Monthly Archives: February 2017

Narcissus and the Gaze

He looks at himself in the mirror and he liked what he sees.

Is it his actual looks that grant this confidence, or merely the Power of his Gaze whispering to his eyes that the world is his for the taking?

That if he fails to take it, it is not his fault—it just wasn’t ever even worth the effort.

He walks down the street and what does he see? Objects, his to be used or ignored or discarded. Occasionally an obstacle to be vanquished. The Gaze tells him which is which and if it happens to be wrong, it wasn’t wrong—the object was deliberately disguising its intentions to try to fool him, but he got the better of it in the end!

These are the words that the Gaze puts into his head. But he is not the only one who hears its whispers.

A girl minding her own business sitting on a bench or tending to a shop’s window feels the Gaze on her, and knows not what to do. She knows a man’s Gaze can be an indicator of a great many things and that she might be in danger—but does she dare turn around and meet it? It could just be a simple gaze grazing her but finding her unimportant, inaccessible. Yet if she turns around and introduces his Gaze to her own, it might decide to see her inquisitive challenge as an invitation to violence and worse.

She has known the Gaze all her life—not his, specifically, but it speaks to all men, whether or not they choose to heed it or to act on it. It speaks to women, too, teaching them dependence by rewarding them for using it correctly and abusing them for ignoring its call.

But she doesn’t want a man’s Gaze to define her, to be an object in someone else’s sentence. Which is why she turns her own Gaze to other things, to work and play and family, and away from his play on power—yet always keeps her ears open for the tell-tale whisper of a man’s lesser Gaze.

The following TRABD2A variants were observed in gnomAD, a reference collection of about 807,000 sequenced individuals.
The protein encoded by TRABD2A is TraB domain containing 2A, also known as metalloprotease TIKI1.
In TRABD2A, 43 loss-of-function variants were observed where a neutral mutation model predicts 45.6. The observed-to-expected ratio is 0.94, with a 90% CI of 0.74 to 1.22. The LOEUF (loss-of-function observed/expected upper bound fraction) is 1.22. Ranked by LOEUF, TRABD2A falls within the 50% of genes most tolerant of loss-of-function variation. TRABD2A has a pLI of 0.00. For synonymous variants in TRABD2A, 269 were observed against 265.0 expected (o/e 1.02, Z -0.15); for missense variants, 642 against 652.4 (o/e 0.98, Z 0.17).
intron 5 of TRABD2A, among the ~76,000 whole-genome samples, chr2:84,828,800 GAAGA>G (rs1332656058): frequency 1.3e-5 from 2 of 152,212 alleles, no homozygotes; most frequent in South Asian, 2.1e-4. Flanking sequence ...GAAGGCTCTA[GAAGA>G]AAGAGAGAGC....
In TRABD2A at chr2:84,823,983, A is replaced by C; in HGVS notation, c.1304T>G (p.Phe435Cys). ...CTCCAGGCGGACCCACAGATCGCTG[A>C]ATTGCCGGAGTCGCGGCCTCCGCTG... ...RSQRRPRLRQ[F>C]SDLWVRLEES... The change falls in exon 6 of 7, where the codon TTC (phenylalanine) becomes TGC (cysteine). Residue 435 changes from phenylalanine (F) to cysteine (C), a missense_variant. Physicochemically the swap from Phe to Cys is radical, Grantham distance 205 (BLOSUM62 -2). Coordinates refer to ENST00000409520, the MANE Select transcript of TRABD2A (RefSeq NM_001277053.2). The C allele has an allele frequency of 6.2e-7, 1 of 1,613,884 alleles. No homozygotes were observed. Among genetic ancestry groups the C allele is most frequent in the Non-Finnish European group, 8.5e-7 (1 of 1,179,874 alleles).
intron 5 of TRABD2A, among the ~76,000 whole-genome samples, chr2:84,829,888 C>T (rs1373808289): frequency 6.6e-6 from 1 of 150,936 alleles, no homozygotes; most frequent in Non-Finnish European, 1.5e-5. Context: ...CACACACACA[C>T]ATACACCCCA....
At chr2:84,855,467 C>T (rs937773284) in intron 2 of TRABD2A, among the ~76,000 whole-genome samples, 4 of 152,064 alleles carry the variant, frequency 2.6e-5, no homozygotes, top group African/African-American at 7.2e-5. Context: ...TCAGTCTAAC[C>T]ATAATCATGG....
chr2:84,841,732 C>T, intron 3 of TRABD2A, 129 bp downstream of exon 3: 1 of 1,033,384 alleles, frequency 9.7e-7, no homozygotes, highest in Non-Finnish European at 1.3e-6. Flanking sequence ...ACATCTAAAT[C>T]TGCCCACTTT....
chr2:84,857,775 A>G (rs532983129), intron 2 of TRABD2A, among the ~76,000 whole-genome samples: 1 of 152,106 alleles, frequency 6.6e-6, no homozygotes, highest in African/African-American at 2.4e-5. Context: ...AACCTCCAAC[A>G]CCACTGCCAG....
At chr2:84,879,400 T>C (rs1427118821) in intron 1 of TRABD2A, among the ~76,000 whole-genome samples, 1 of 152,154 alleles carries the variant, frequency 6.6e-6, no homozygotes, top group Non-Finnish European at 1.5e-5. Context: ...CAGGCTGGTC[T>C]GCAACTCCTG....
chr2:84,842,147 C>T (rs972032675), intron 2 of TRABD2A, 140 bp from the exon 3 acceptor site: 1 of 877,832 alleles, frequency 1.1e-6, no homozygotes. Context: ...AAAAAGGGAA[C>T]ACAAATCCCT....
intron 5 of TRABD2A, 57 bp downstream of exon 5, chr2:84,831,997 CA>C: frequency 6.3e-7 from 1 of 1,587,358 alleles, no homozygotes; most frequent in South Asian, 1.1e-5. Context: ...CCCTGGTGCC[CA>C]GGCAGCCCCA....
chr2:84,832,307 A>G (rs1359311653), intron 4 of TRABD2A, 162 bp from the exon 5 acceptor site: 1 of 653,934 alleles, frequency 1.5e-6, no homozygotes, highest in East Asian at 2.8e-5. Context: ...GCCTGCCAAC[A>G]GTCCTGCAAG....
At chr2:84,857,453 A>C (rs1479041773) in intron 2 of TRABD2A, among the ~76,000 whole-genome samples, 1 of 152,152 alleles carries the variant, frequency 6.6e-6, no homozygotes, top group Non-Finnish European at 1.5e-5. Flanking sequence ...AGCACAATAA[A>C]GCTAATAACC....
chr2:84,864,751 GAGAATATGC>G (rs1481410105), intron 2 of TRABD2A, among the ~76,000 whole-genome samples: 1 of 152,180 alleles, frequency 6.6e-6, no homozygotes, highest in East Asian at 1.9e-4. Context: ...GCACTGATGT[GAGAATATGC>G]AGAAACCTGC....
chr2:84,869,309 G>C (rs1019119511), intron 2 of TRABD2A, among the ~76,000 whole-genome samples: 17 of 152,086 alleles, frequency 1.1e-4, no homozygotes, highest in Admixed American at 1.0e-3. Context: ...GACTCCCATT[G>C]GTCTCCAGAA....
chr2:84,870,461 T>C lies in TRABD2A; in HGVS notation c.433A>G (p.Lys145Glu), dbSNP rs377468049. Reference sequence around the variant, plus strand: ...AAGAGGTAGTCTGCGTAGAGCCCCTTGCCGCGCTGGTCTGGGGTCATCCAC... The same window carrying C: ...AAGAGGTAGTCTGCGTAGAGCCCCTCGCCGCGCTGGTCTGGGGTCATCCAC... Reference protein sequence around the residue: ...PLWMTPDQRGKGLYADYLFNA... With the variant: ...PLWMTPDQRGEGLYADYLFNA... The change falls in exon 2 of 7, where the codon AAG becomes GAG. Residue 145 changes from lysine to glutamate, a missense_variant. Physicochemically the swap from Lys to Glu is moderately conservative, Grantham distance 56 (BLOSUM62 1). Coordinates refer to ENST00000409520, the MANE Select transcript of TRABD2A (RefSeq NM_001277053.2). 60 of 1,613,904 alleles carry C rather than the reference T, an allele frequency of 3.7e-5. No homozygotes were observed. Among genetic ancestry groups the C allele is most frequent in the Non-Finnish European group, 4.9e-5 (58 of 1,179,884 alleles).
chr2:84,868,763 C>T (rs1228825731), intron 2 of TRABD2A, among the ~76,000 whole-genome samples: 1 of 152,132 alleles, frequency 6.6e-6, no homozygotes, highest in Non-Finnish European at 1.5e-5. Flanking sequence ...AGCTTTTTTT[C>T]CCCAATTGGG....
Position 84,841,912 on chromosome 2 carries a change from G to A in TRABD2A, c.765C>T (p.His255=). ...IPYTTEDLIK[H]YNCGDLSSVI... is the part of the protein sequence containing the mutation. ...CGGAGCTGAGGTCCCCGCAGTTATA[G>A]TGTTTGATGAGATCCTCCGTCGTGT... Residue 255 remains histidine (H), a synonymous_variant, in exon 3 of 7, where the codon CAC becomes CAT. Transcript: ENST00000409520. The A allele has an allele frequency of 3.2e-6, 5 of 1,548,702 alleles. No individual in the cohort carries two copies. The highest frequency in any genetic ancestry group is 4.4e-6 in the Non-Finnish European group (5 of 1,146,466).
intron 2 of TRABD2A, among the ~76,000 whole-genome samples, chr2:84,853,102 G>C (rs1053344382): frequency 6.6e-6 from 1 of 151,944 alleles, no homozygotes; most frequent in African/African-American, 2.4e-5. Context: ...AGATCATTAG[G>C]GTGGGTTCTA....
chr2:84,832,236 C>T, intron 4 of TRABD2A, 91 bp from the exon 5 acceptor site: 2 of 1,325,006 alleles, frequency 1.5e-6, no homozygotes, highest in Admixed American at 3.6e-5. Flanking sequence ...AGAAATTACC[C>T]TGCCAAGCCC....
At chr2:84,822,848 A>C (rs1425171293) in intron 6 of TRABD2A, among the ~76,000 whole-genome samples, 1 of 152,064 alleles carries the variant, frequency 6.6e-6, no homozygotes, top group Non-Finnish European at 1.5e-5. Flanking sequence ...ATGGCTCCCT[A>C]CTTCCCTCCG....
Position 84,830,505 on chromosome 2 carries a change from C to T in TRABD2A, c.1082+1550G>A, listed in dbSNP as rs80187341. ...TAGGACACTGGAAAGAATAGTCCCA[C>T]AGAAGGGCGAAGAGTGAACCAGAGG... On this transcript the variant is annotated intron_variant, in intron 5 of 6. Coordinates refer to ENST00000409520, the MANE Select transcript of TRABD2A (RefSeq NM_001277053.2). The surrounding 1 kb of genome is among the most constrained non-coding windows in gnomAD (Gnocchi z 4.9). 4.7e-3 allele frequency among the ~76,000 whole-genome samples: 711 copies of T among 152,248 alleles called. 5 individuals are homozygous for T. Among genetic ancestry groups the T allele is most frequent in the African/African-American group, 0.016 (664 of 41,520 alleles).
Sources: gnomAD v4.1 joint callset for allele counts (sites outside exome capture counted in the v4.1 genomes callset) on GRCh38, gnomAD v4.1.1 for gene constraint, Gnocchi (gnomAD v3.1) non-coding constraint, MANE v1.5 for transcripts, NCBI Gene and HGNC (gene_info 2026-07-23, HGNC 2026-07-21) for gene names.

Odysseus and Aeneas

Troy is burning. Odysseus happens upon Aeneas, who is supporting his elderly father with one arm and cradling his infant son with the other. 

My, my, if it isn’t the great Aeneas. And your father, Anchises, I presume? And who is this little chap? Oh, do not be frightened of me, good fellow. I have done my part in this war, you have nothing to fear. You know, I’ve always admired you. Your quick wit, combined with a wonderful physique–it hardly seems fair, really. Trojans I spoke to–and I have spoken to a great many here–have told me that you are like myself and Achilles combined. Yet here we are. Achilles struck through the heel by a coward’s bow and you, the smartest and strongest, fleeing, defeated. I can think of no more fitting end to this war, son of love, nor one that would make me more hopeful for the future of the human intellect. Therefore, fear me not, for I will let you go your way with your family, and return to mine own. My family, which did not transgress and, hence, is still very much intact.

Odysseus leaves.


Aeneas leaves with his father and son. 


Scene II

Odysseus lies drenched on the shore, panting and sunburned. Aeneas approaches, followed by many men. 

My, my. If it isn’t the son of Aphrodite herself. How’s your father? Did he die a warrior’s death? Or a lover’s?

He died content.

More fortunate he. And this must be–

Don’t tell him your name, son. He can use it against you.

O wicked Hermes with your iron tongue, stainless as steel. You’re a much more sensible man than I am, friend, I’ll grant you that. Would I had kept mine own name such a secret. And now, Aeneas? It’s your turn at dice. How do you roll? What is to be the fate of the wily Odysseus?